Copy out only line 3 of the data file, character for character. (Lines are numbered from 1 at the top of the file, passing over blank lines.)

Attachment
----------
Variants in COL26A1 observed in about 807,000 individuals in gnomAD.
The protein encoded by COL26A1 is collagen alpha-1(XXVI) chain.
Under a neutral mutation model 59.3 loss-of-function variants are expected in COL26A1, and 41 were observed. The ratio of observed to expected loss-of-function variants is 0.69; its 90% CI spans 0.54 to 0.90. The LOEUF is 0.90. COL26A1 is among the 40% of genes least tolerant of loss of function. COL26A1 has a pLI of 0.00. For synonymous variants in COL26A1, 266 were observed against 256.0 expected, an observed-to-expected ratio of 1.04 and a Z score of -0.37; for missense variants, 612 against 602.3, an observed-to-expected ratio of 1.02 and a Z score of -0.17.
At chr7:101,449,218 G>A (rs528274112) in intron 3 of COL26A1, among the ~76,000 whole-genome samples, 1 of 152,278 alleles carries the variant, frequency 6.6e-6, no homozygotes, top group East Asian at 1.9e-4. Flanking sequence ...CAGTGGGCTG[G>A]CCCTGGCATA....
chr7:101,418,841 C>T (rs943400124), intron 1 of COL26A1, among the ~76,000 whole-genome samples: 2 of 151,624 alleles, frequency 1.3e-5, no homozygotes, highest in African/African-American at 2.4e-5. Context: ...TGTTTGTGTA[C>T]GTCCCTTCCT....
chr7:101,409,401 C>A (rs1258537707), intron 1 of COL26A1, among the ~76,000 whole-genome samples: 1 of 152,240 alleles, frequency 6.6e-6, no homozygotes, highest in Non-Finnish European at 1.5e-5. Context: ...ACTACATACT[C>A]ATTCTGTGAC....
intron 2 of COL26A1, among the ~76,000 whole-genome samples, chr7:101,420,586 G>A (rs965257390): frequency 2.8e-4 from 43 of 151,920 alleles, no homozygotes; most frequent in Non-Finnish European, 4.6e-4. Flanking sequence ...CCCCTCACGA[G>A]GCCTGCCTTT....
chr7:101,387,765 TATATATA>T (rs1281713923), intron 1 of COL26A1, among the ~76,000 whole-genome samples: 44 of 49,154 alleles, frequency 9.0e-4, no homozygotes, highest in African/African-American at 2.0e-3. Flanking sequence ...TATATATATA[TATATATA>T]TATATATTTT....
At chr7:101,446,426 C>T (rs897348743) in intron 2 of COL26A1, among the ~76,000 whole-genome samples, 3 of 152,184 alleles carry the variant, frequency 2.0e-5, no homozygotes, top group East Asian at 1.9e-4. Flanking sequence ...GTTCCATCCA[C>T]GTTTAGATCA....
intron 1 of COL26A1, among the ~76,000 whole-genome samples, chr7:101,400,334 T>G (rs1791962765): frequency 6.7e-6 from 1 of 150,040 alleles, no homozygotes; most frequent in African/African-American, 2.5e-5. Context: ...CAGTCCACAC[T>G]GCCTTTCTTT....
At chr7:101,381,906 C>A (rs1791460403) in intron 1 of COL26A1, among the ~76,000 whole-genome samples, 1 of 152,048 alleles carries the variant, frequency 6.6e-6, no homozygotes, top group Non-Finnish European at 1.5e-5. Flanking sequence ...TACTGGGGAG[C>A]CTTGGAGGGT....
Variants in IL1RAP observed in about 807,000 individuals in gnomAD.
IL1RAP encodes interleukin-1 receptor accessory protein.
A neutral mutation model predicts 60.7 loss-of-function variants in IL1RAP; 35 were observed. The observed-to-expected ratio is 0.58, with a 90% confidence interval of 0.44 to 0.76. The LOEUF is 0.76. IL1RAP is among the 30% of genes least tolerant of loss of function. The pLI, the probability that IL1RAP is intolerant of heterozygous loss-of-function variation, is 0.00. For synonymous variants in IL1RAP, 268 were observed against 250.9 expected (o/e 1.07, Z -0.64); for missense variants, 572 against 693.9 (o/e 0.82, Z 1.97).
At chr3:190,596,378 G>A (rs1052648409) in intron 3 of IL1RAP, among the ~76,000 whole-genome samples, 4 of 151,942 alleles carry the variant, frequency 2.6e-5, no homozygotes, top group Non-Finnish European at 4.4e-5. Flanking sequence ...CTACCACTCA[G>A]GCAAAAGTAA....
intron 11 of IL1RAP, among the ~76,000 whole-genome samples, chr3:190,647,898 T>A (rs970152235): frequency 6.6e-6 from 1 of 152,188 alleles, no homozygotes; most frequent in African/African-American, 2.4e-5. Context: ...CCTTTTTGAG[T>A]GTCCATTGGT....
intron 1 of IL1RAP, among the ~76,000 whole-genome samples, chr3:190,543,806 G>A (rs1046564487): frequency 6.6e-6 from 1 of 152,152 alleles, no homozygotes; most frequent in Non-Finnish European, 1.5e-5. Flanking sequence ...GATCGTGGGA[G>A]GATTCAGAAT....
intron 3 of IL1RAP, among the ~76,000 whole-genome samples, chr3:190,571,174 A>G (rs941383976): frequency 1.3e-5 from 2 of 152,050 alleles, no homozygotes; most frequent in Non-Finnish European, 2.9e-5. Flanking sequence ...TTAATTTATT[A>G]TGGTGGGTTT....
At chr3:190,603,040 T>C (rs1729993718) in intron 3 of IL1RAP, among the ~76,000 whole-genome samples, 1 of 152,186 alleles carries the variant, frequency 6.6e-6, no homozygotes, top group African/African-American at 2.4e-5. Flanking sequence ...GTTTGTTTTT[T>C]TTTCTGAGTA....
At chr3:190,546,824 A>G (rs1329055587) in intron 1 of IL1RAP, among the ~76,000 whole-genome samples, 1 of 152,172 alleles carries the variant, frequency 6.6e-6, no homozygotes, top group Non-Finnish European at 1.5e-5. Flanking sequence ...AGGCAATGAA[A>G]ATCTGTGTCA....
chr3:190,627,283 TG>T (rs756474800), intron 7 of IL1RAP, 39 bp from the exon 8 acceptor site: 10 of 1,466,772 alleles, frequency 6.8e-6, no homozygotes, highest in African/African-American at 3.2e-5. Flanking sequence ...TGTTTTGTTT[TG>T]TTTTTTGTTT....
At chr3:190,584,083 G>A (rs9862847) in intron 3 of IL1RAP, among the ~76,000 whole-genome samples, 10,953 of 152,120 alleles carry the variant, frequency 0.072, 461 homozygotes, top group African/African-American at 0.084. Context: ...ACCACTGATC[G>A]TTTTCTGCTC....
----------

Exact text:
Under a neutral mutation model 59.3 loss-of-function variants are expected in COL26A1, and 41 were observed. The ratio of observed to expected loss-of-function variants is 0.69; its 90% CI spans 0.54 to 0.90. The LOEUF is 0.90. COL26A1 is among the 40% of genes least tolerant of loss of function. COL26A1 has a pLI of 0.00. For synonymous variants in COL26A1, 266 were observed against 256.0 expected, an observed-to-expected ratio of 1.04 and a Z score of -0.37; for missense variants, 612 against 602.3, an observed-to-expected ratio of 1.02 and a Z score of -0.17.